In a healthy adult human body, most internal organs such as the brain, spleen, liver, and heart are devoid of microorganisms because the immune system keeps them in check. After human host death, however, the immune system falters and microorganisms proliferate throughout the body beginning in ... Read More
This episode: Gut microbes' activity in decaying brine shrimp help promote fossilization of their soft parts!
(8.1 MB, 8.8 minutes)
The TWiP trifecta solves the case of the Professor Who Went to Brazil, and discuss an amazing case of a tapeworm that turned into a tumor in an AIDS patient.
Hosts: Read More
This episode: Truffle's microbiome helps produce its attractive aromas!
(12.5 MB, 13.6 minutes)
<... Read More
Host: Vincent Racaniello
Guest: Katherine A. High
Vincent speaks with Katherine High about her... Read More
This episode: Interview with Jordi van Gestel: cheaters in bacterial communities don't always succeed!
(13.1 MB, 14.25 minutes)
This episode: Engineered bacteria can be made to produce many different useful kinds of biofilm!
(10.5 MB, 11.5 minutes)
This episode: Different bacteria working together can thrive better than when working alone!
(9.9 MB, 10.75 minutes)
Vincent, Dickson, and Daniel explain how trypanolytic factor forms membrane channels to lyse trypanosomes, and present a new case study.
Sulfonated and non-sulfonated cyanines exhibit very similar fluorescent properties. Non-sulfonated cyanines must be dissolved in organic co-solvent (DMF or DMSO) prior to use, and added to a solution of target molecule in aqueous buffers. Recommended volume of co-solvent should be 10% for Cy3, C... Read More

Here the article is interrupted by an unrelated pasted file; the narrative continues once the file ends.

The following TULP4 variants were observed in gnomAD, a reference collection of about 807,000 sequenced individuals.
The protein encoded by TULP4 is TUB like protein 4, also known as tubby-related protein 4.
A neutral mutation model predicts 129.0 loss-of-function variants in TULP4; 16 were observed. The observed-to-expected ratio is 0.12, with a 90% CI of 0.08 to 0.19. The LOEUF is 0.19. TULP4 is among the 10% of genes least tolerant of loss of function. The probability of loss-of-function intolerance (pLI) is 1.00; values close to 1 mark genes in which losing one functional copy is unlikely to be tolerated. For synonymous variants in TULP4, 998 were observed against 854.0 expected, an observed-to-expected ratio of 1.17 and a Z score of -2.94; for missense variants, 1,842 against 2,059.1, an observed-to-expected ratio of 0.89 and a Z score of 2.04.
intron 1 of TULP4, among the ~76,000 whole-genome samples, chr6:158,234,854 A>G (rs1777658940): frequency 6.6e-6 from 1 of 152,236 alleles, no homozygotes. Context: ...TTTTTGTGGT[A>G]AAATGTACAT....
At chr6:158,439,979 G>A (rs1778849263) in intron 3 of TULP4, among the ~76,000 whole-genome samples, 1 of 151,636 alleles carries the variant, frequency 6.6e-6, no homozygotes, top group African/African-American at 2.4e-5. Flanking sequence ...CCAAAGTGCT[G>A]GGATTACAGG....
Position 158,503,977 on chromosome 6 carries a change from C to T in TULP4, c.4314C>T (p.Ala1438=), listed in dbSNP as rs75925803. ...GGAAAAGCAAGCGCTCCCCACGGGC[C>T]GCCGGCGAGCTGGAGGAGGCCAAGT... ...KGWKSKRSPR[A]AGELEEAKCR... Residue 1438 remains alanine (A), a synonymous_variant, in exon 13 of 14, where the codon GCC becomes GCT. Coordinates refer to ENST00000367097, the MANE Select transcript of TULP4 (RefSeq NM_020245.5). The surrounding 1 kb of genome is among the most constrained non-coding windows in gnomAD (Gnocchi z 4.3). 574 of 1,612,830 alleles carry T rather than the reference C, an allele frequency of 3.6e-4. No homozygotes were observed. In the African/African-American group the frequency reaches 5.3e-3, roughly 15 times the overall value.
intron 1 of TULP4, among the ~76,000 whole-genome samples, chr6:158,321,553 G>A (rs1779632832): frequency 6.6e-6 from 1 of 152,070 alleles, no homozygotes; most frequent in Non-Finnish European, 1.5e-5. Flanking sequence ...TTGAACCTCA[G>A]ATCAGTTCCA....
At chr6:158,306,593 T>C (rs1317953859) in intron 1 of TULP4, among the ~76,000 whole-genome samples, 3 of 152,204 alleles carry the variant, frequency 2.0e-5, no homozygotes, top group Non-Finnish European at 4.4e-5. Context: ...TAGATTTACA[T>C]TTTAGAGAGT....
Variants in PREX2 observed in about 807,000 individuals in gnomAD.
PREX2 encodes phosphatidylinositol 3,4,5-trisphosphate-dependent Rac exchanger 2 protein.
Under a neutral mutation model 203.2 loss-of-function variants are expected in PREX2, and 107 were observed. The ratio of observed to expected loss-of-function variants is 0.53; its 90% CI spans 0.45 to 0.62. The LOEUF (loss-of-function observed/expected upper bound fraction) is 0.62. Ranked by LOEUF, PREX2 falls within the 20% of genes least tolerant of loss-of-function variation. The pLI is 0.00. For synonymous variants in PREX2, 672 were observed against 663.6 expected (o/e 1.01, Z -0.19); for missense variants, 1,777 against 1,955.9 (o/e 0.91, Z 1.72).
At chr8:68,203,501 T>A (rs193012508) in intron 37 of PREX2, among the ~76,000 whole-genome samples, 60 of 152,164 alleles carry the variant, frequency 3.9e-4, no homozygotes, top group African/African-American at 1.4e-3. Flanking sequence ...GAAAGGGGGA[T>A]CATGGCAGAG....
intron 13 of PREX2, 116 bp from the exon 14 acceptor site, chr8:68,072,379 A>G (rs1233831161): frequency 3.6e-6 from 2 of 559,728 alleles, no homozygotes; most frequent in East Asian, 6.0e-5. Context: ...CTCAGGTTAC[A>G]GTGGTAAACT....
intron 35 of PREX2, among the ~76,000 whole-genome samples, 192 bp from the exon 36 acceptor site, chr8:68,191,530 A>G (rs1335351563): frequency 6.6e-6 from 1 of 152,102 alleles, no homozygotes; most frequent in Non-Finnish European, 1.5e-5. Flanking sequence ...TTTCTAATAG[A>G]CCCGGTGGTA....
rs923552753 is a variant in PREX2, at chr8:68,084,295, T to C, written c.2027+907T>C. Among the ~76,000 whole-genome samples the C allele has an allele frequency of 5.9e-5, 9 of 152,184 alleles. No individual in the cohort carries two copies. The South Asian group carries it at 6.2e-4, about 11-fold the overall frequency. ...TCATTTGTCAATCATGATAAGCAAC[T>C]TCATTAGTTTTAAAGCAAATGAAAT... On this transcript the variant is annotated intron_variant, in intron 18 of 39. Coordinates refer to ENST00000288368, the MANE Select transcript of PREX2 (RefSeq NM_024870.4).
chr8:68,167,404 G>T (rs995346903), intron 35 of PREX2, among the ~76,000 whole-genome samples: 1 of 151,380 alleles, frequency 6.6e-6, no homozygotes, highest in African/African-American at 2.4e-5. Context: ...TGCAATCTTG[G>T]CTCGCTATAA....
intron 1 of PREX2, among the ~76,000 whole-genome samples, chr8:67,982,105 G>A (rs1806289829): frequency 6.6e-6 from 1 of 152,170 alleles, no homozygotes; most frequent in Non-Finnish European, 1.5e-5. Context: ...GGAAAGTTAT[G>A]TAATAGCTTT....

Vincent, Dickson, and Daniel reveal last week's case study and introduce a new one concerning a patient who traveled to Belize.
This episode: Carbon monoxide-eating bacteria get modified to produce more useful products!
(16 MB, 17.5 minutes)
... Read More
Hosts: Vincent Racaniello, Michele Swanson, and Michael Schmidt.
Vincent, Michael, and Michele reveal how a fungal protease blunts the innate immune response and promotes pathogenicity.
Vincent, Alan, and Rich discuss how norovirus, an enteric virus, can replace the functions of the gut microbiome.
Vincent, Dickson, and Daniel consider the delivery of anti-trypanosome nanobodies to the tsetse fly via a bacterial symbiont, and present a new case study.
This episode: Marine worms and their microbial symbionts can live on the toxic gas carbon monoxide!
Reminder: this is the last episode for at least a few weeks while I am wrapping up my PhD. See you again when I'm done!
(11.1 MB, 12.1 minutes)